Sound effects in the game sounds very good, such as when you use your Zap-O-Matic and the music adds to the wonderful B-movie feel of the game.

    Sound: 10.0 / 10


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    Length / Replay Value
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    The main story shouldn't take you more than six or seven hours. If you've played it several times as I have, it'll be even shorter. Aside from the main story, there are several side missions which can be completed.

    Personally, I have replayed the game several times. As I said previously, the strongest point of the game is the story, so a lot of the replay value depends on how much you enjoy the story.

    Length / Replay Value: 8.0 / 10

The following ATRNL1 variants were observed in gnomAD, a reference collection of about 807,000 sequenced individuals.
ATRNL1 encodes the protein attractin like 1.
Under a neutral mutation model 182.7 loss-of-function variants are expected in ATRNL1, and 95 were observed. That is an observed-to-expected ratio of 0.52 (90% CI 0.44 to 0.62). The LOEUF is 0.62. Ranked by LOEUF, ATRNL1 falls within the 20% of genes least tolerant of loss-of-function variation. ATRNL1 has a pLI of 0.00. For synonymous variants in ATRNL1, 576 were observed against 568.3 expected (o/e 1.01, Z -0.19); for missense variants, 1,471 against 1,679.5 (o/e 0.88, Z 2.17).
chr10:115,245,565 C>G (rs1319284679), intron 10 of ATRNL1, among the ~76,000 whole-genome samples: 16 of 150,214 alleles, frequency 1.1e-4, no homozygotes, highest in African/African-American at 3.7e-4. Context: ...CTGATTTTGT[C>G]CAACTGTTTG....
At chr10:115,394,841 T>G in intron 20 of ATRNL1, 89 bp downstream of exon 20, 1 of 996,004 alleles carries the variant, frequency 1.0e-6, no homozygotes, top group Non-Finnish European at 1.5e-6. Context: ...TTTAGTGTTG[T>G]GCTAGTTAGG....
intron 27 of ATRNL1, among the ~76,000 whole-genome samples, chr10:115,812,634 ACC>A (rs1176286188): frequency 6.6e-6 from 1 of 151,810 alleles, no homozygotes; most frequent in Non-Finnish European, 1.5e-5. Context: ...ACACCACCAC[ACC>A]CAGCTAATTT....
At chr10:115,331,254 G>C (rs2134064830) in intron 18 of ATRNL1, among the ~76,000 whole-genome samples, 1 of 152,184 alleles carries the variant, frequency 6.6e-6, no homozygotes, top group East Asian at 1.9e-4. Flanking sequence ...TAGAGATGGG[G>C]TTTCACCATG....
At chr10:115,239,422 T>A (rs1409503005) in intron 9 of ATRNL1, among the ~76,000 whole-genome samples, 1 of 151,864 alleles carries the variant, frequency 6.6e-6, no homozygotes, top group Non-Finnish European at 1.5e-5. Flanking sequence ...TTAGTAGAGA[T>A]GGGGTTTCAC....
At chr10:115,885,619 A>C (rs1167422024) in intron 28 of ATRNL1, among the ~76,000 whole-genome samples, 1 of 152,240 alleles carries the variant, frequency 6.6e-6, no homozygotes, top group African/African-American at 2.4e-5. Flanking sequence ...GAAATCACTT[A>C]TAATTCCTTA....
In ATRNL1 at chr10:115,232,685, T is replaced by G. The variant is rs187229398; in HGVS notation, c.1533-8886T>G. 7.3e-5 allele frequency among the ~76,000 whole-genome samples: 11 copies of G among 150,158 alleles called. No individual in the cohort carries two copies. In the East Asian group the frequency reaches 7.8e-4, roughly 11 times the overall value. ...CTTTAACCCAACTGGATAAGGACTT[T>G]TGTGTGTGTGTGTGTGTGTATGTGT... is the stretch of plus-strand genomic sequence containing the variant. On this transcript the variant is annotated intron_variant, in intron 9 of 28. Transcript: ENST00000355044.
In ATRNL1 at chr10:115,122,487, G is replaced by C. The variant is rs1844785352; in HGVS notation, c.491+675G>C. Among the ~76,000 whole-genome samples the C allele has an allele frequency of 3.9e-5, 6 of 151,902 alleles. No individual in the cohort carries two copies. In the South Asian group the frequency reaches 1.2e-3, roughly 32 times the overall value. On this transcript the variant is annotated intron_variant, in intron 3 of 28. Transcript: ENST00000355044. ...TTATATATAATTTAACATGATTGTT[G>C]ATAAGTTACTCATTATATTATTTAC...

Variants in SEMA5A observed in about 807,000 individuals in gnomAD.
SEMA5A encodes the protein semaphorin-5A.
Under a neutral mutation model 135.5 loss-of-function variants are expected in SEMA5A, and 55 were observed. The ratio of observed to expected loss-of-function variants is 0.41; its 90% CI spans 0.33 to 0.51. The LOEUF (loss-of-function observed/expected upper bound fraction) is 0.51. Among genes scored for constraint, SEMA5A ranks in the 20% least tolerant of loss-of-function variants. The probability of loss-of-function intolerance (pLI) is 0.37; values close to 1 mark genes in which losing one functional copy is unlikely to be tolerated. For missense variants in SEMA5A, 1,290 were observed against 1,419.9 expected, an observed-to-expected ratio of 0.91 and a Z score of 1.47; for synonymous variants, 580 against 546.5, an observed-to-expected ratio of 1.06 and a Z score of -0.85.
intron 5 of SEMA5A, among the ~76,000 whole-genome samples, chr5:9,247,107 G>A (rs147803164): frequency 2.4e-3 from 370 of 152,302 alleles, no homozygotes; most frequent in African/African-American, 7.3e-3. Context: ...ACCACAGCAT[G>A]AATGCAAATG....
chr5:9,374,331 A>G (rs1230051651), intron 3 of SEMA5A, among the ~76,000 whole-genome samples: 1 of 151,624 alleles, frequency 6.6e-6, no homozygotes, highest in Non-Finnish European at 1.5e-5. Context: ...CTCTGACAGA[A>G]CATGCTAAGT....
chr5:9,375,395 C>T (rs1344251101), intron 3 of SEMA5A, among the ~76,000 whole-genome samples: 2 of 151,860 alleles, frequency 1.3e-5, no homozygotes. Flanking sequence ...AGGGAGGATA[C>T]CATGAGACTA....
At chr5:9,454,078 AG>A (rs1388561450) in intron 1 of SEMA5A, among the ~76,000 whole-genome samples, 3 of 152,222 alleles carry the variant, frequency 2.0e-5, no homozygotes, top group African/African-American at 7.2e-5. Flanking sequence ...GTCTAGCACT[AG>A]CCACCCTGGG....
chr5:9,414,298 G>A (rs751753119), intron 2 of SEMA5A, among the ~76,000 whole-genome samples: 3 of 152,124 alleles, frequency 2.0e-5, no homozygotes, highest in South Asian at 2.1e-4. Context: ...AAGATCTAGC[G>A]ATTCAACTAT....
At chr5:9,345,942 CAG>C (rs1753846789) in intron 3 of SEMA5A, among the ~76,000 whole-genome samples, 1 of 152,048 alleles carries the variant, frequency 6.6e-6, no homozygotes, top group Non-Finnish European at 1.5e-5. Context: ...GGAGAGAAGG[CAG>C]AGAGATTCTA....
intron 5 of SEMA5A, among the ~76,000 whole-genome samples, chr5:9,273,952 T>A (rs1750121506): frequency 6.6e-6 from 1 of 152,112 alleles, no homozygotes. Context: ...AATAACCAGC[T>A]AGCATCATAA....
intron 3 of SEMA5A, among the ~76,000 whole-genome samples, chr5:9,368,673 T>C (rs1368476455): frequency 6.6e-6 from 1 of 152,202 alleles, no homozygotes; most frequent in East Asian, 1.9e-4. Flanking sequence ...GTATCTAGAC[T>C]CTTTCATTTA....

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    Fun Factor
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    This game is extremely fun. One of my favorite things to do is to stop in between missions and, well... Destroy humans. This can become even more fun if you enter one of the many cheat codes to give you unlimited ammo or health.

    Fun Factor: 10.0 / 10


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    Overall
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    The game is great. Every gamer who also enjoys Sci-Fi should pick this up. This review was based off of the PS2 version of the game, but it also available on the Xbox. On the Xbox 360, it is currently backwards compatible and available for download as an Xbox Original on Xbox Live. It is rated T for Teen.

    Overall: 8.8 / 10


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    [url=http://www.serebiiforums.com/showpost.php?p=9871537&postcount=20][B]Destroy All Humans![/B] - Overheat Hothead - June 17th, 2009 - [8.8/10] (T) - PS2[/url]
     
    Last edited: Jun 17, 2009